In “Why Can’t You Have Just One Site?” Jeff wrote about the rationale for creating three sites instead of one, and the process for determining where a question belongs:
Is it really so hard to figure out which community you belong to, and thus, where your question belongs? Ask yourself this:
what is your job title?
which community do you consider yourself a part of?
what are you trying to accomplish?
You can use the same mountain to go downhill really fast on snow — but it’s plainly evident to the participant which culture they consider themselves a part of, “skiers” or “snowboarders”.
We’ve since grown from a Trilogy to a network of 84 sites. Our audience is large enough to allow a considerable amount of specialization: Apple, Ubuntu, WordPress and Database Administrators all cover topics that previously belonged on Super User, Stack Overflow or Server Fault. But the same philosophy still applies: before you can decide where to ask, you need to know who to ask. And who you ask will depend (at least in part) on who you are...
That’s the philosophy. Putting it into practice creates a few wrinkles: some sites have overlapping communities; some sites are named after their audience, but the name doesn’t quite match up to how the community actually sees themselves; in some cases, the community is defined purely by a topic of interest and not any particular occupation or field. These ambiguities lead to some undesirable behaviors:
Cross posting: technically multi-posting, asking the same question verbatim on different sites without tailoring it to that site’s audience.
Scope Gerrymandering: attempting to micromanage what’s on-topic in order to avoid overlap with other sites or simply drive away users seen as undesirable.
Migration hot potato: kicking a question around from site to site until one of them finally accepts it.
Over time, these conflicts tend to work themselves out: a community may form around a topic or shared interest, but soon develops into something more than that. No one would mistake Ask Ubuntu for Unix and Linux. The types of questions and answers on Programmers or Ask Different will show you at a glance that you’re not on Stack Overflow or Super User. Spending a few minutes looking around before you post - or reading the site’s FAQ - should tell you all you need to know about what questions belong there, and how the community expects them to be asked. There’s no substitute for taking the time to get to know the locals.
With that in mind, here are a few strategies for avoiding these problems as a member of a young Stack Exchange site:
Respecting your own community
As members of a community, your first loyalty should be to that community. When evaluating a question, you shouldn't be looking to push it off on some other site; instead, ask if it could be appropriate and on-topic for you, the experts who the author decided to ask. Be a bit jealous of your site - don't blithely turn askers away simply because their question could be asked somewhere else. Don’t hit them over the head with your scope, help them tailor their question to fit into it - and if that means your site’s scope overlaps a bit with another site’s, so be it.
Obviously, there are questions you'll have to turn away, either because their only connection to your site is via the audience ("How do I make bread as a programmer?"), because it’s completely off-topic (“How do I cook a fish in a dishwasher?” obviously belongs on Cooking, not Home Improvement) or because they're simply not useful or constructive. But that should be your last resort. Close questions with an eye toward improvement and re-opening, not driving users away.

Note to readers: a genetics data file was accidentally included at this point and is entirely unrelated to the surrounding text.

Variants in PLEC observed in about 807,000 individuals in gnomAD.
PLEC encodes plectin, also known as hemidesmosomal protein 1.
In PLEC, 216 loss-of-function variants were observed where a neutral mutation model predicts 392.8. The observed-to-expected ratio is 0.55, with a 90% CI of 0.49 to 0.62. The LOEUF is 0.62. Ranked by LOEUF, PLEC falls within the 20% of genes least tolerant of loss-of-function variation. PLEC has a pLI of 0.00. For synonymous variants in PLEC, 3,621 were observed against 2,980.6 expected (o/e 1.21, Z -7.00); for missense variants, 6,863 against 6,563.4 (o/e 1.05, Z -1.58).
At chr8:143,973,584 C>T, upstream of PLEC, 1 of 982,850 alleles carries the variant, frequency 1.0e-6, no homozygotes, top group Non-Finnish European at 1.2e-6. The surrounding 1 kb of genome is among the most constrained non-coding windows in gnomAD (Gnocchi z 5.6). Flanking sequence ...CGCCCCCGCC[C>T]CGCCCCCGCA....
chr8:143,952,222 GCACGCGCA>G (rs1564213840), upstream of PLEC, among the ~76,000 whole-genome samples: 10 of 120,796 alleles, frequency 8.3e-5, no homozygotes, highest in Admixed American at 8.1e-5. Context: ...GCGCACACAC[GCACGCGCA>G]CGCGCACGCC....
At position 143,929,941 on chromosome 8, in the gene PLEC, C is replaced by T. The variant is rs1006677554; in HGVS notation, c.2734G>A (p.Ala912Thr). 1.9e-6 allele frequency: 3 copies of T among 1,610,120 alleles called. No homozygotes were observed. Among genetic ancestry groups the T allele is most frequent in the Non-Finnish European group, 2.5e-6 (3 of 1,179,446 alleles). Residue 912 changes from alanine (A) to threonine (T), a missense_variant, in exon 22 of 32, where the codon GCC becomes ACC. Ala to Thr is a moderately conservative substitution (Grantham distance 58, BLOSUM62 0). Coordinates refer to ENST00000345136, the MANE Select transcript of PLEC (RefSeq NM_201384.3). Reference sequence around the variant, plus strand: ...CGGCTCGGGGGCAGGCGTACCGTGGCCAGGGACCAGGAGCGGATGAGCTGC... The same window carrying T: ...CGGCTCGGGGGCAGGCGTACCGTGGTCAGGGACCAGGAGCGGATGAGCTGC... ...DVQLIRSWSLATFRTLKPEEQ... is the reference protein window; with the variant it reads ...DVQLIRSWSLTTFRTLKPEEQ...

Respecting other communities
The migration tool was created to help those unfortunate users who asked good questions on the wrong site. Do your best to remember this, whether as a user (flagging or voting to close) or as a moderator (responding to flags).
Don’t migrate poorly-asked or non-constructive questions. Just close them. If you want to help the asker out by recommending a site where their question would be on-topic, go ahead - but also recommend they read that site’s FAQ first!
Do leave comments on questions that might get better answers somewhere else. The good folks on English Language and Usage might well be able to give the history of some bit of technical jargon, but if you think that question would get a better answer on the site dedicated to the field where that jargon is used - suggest that! If the asker is unhappy with the answers he got, he’ll have a ready source of better ones. Ditto for unanswered questions gathering cobwebs.
Along the same lines, don't attempt to scavenge on-topic questions from other sites by asking the moderators there to migrate them to yours. Again, there’s no harm in leaving a comment suggesting that a question would be a better fit somewhere else. But focus on the questions that aren’t on-topic, or aren’t getting answered - snatching someone’s question (or answer) away without any forewarning is a slap in their face.
Finally, be extremely reluctant to migrate old, answered questions. The votes and answers on these reflect the opinions and work of the community where they originated, and in most cases they'll be somewhat out of place elsewhere - you want your greatest hits to reflect the best that your community has to offer, not someone else’s. And, again, the migration can come across as rude: if someone has invested serious effort into an answer and has linked to it on their blog or from their résumé, then snatching it from them without due consideration won't endear them to you. Only migrate these questions when the alternative is deletion.
The Stack Exchange software has grown to be extremely powerful, but it’s important to remember that, at their core, these sites run on human beings - and without respect for each other, clever tools solve nothing.